BREAKINGVIEWS – Compromise in sight on EU hedge funds directive
— The author is a Reuters Breakingviews columnist. The opinions expressed are his own —
By Pierre Briançon
PARIS, April 14 (Reuters Breakingviews) – When does regulation become protectionism? This is what European Commissioner Michel Barnier has to decide as he attempts to broker a compromise between the UK and French governments on the EU’s proposal to regulate hedge funds and other alternative investment vehicles.
A deal is in sight on the last remaining bone of contention of the controversial directive: the creation of a “passport” that foreign fund managers would need to peddle their goods within the EU.
The requirement to force non-EU managers to submit to the same rules as EU-based ones prompted strong objections from both the UK — home to most of Europe’s hedge funds — and the United States, which complained about the directive’s “protectionism”.
But advocates of a stringent passport argue that, just as Chinese toys have to submit to EU safety rules, it should be possible to subject foreign-based funds to European regulation without crying protectionism.
A first proposed compromise would have made it possible for offshore funds to market to EU investors, provided their managers could show they are subject to “equivalent” rules at home. But the French objected, saying this equivalence would be too tough and burdensome to establish. Barnier, the French commissioner who recently took over the internal markets portfolio, is now trying to convince the French to back down.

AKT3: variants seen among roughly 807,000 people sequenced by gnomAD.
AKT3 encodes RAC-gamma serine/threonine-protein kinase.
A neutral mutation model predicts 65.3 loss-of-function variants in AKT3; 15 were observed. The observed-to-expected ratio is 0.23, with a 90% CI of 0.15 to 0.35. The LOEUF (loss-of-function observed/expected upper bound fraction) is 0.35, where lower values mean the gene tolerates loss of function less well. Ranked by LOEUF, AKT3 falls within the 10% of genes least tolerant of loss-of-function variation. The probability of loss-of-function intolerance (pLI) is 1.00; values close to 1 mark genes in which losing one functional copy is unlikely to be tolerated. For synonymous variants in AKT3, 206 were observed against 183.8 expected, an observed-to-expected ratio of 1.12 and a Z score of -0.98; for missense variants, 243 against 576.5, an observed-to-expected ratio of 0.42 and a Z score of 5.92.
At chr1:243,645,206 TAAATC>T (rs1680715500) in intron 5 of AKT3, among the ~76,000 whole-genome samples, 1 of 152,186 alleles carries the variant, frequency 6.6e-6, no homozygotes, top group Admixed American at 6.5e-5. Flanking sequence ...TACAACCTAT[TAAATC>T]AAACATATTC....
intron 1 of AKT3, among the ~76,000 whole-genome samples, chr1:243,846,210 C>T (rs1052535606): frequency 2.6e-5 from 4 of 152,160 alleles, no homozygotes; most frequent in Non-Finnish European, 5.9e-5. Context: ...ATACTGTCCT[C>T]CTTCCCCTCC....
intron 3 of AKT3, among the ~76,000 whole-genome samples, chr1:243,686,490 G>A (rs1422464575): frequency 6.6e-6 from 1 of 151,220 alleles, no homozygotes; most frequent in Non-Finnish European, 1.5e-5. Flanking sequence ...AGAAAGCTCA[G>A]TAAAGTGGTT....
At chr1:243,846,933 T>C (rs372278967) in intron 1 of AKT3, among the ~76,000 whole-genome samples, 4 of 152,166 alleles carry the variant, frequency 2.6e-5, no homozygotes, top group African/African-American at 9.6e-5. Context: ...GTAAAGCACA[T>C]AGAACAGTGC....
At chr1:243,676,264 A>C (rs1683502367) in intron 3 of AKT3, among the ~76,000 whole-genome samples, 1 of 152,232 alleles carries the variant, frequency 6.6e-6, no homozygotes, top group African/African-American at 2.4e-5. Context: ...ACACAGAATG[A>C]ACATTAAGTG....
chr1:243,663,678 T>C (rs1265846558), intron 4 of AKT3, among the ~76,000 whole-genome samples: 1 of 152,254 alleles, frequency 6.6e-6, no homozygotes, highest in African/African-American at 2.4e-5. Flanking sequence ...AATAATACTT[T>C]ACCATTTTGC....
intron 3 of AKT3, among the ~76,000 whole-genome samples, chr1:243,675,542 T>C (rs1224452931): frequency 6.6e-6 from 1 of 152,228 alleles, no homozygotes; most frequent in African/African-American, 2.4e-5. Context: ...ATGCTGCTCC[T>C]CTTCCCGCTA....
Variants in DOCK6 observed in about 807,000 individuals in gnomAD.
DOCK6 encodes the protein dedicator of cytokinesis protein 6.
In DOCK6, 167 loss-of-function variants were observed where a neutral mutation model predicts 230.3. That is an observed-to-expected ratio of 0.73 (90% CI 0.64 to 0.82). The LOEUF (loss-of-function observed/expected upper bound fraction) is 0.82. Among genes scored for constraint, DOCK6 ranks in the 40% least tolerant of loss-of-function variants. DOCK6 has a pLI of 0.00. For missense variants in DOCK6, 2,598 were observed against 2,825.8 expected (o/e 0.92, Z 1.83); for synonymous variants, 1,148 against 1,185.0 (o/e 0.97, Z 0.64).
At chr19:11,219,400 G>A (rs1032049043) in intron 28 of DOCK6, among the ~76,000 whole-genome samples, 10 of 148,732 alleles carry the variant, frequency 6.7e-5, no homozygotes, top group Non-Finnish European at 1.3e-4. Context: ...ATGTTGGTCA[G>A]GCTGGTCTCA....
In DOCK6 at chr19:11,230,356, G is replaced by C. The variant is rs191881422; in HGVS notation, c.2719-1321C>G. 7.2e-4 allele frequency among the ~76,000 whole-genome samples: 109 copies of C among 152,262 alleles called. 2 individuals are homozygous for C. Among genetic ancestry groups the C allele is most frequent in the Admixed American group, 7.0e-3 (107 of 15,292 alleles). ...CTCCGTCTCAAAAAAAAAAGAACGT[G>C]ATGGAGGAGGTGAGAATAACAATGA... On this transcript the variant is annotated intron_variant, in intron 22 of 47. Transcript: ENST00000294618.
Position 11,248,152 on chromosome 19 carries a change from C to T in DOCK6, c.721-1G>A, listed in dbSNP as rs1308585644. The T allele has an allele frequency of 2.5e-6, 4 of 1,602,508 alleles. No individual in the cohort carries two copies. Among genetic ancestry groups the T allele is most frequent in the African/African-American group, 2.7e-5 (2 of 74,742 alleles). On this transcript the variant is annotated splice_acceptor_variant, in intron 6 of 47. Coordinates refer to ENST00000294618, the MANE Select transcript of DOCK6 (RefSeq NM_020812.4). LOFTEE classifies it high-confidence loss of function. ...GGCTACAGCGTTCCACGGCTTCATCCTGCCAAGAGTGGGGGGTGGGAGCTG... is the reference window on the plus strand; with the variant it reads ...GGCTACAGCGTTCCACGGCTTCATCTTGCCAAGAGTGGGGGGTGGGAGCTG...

Another Frenchman, European MP Jean-Paul Gauzes, is also working on bridging the gap. He’s suggested a three-tier system for non-EU fund managers, from full passport authorisation to an outright ban.
The Parliament will vote on a text at the end of April, but European leaders also have to give their stamp of approval. They delayed any decision until after the UK election — which means they won’t be able to clinch a deal before June at the earliest.
The optimistic view in Brussels is that a final compromise can be reached by summer. A powerful incentive for the advocates of regulation to compromise is that if they don’t, hedge funds will remain as they are now — unregulated, and happy to be.
— Jean-Paul Gauzes, the European MP, has suggested a compromise to overcome differences between the UK and France on the idea of a EU-wide “passport” that would allow funds from outside the European Union to solicit European investors.
— Gauzes, who is in charge of the report on the alternative investment funds directive, has suggested a three-tier system for offshore funds, according to the type of regulation they are submitted to in their home country.
— The European Parliament is schedule to vote on April 27 on the text, which is yet to be approved by the EU’s political leaders.
(Editing by Peter Thal Larsen and David Evans)